Federal judge declines to remove marijuana from dangerous drug list

SHARE Federal judge declines to remove marijuana from dangerous drug list

SACRAMENTO, Calif. — A federal judge in California declined Wednesday to remove marijuana from the list of most dangerous drugs.

U.S. District Judge Kimberly Mueller issued the ruling in response to a motion by defense attorneys to dismiss charges in a case that authorities say involves a marijuana growing operation. It will likely be appealed.

The case was unusual in that Mueller decided to consider marijuana’s designation as a Schedule 1 drug. Schedule 1 drugs include heroin and LSD and are defined as drugs with no accepted medical use and a high potential for abuse.

Marijuana’s classification as a Schedule 1 drug has brought states that have legalized medical marijuana into conflict with federal authorities, leading to raids on growers and dispensaries that appear to be operating legally under state law.

Mueller said during a 15-minute court hearing that she was initially prepared to grant the defense’s motion but then decided from the facts of this particular case that “this is not the court and this is not the time.”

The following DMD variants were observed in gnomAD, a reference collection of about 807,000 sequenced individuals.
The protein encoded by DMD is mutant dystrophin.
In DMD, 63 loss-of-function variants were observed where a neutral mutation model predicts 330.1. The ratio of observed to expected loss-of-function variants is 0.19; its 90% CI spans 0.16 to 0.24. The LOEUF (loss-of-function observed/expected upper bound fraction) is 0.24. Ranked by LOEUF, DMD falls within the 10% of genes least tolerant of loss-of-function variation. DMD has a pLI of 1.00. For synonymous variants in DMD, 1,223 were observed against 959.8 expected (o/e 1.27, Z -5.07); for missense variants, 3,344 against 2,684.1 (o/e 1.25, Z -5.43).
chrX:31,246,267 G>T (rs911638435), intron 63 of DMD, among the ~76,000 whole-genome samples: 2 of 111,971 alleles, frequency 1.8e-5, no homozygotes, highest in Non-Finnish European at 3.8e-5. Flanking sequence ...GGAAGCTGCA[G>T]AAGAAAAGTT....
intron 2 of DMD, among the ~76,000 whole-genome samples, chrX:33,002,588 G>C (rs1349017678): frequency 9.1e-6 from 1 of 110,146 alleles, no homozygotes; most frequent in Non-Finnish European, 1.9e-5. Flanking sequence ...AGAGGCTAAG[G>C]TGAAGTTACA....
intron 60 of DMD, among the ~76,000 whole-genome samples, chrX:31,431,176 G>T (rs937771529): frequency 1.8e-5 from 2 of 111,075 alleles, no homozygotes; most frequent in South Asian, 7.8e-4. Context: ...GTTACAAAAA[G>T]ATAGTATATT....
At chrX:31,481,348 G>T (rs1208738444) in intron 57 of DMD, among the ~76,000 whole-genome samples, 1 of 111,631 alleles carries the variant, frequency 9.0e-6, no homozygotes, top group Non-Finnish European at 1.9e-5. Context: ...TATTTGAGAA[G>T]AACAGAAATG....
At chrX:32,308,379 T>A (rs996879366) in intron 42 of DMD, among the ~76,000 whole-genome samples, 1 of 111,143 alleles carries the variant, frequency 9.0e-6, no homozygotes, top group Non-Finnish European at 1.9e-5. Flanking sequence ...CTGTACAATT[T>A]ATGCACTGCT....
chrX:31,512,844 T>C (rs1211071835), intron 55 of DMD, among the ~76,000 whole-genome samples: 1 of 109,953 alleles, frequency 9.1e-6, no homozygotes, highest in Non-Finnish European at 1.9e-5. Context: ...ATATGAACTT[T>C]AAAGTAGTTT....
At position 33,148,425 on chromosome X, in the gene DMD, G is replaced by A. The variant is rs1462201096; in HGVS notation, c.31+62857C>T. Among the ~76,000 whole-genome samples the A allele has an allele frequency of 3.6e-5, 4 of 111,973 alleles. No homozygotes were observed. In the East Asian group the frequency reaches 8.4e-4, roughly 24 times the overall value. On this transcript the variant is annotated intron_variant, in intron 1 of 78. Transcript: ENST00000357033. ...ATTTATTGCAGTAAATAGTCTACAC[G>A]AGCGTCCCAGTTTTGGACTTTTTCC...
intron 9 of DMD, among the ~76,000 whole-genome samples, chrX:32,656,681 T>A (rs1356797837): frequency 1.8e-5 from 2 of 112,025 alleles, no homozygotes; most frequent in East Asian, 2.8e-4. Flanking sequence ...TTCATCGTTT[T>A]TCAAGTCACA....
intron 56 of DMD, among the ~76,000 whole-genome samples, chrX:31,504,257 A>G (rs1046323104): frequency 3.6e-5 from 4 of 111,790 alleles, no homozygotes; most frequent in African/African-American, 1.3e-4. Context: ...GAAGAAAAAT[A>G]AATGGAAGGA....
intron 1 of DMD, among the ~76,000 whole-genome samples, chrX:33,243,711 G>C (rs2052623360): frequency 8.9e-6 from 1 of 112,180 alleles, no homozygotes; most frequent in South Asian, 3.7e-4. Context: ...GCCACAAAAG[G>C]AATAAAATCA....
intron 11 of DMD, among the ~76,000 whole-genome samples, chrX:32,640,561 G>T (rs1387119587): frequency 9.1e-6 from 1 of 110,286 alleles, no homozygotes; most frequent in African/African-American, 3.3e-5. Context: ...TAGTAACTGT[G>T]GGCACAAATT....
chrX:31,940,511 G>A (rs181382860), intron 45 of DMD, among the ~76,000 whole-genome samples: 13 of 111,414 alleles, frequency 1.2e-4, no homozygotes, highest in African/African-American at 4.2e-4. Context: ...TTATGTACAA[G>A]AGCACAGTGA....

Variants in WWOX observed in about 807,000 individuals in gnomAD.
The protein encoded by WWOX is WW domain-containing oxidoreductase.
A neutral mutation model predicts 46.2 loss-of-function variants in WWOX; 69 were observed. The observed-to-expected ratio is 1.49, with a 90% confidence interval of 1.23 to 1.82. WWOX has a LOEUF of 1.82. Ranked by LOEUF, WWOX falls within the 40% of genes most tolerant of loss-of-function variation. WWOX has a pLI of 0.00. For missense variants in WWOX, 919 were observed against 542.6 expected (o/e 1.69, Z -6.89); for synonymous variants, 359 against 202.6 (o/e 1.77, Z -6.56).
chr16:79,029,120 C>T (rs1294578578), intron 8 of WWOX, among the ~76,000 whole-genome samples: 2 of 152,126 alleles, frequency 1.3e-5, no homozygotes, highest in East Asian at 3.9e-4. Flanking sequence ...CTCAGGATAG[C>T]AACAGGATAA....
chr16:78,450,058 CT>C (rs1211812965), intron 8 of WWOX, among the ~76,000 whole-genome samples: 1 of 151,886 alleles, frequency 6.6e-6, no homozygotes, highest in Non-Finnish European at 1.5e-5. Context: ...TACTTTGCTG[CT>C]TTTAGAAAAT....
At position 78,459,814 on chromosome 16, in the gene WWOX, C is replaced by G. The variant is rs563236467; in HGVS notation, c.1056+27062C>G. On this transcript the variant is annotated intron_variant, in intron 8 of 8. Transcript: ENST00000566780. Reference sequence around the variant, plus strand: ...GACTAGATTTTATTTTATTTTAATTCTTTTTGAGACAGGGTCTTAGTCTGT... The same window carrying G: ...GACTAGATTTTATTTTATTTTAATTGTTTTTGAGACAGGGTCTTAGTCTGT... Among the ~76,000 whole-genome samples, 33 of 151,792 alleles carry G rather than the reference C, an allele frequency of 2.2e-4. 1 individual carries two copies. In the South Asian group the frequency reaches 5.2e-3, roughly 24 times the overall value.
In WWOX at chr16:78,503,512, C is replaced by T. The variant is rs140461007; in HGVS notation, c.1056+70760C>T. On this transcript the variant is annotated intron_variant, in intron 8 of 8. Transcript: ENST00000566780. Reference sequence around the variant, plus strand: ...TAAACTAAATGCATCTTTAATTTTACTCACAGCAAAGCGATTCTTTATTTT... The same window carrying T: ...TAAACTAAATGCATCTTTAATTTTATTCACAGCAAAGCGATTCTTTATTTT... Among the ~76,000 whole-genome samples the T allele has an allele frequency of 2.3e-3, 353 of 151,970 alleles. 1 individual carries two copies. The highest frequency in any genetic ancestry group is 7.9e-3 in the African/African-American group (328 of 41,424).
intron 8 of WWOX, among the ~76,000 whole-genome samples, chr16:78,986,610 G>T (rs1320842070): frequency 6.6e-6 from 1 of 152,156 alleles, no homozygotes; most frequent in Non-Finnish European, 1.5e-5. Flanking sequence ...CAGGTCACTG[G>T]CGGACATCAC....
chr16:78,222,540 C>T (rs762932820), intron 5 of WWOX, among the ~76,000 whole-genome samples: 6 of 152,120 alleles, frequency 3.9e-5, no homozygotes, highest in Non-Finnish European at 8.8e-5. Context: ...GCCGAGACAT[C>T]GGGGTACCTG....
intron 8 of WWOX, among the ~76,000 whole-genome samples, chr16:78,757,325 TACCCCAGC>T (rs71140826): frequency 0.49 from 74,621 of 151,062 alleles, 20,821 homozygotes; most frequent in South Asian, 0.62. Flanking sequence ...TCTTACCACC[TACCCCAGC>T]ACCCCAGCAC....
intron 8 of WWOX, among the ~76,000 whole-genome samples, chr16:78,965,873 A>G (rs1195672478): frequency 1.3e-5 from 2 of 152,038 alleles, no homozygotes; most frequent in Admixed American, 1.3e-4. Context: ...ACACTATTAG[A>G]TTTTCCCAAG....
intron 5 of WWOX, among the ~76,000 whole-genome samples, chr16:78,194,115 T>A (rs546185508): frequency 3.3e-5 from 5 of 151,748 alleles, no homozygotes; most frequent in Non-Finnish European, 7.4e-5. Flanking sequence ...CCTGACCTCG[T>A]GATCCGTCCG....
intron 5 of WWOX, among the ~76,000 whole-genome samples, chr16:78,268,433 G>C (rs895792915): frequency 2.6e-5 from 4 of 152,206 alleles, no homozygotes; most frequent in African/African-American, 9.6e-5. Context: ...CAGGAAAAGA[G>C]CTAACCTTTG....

She said a written ruling would be issued by the end of the week.

Attorneys for the defendants had argued that marijuana was far less harmful than legal drugs, and its classification as a Schedule 1 drug was arbitrary in violation of the Constitution. They also said the government enforced marijuana laws unevenly, allowing its distribution in states that have legalized it while cracking down elsewhere.

Prosecutors said marijuana met all the criteria for a Schedule 1 drug, saying it has no accepted medical use and a high potential for abuse. They also argued that Mueller did not have jurisdiction to consider how marijuana was classified.

Mueller held a fact-finding hearing about the drug’s classification last year that included prosecution and defense experts who testified about marijuana.

The criminal complaint filed in 2011 named 16 defendants and accused them of conspiring to grow at least 1,000 pot plants as part of a marijuana operation that included land in Shasta-Trinity National Forest in California.

DON THOMPSON, Associated Press

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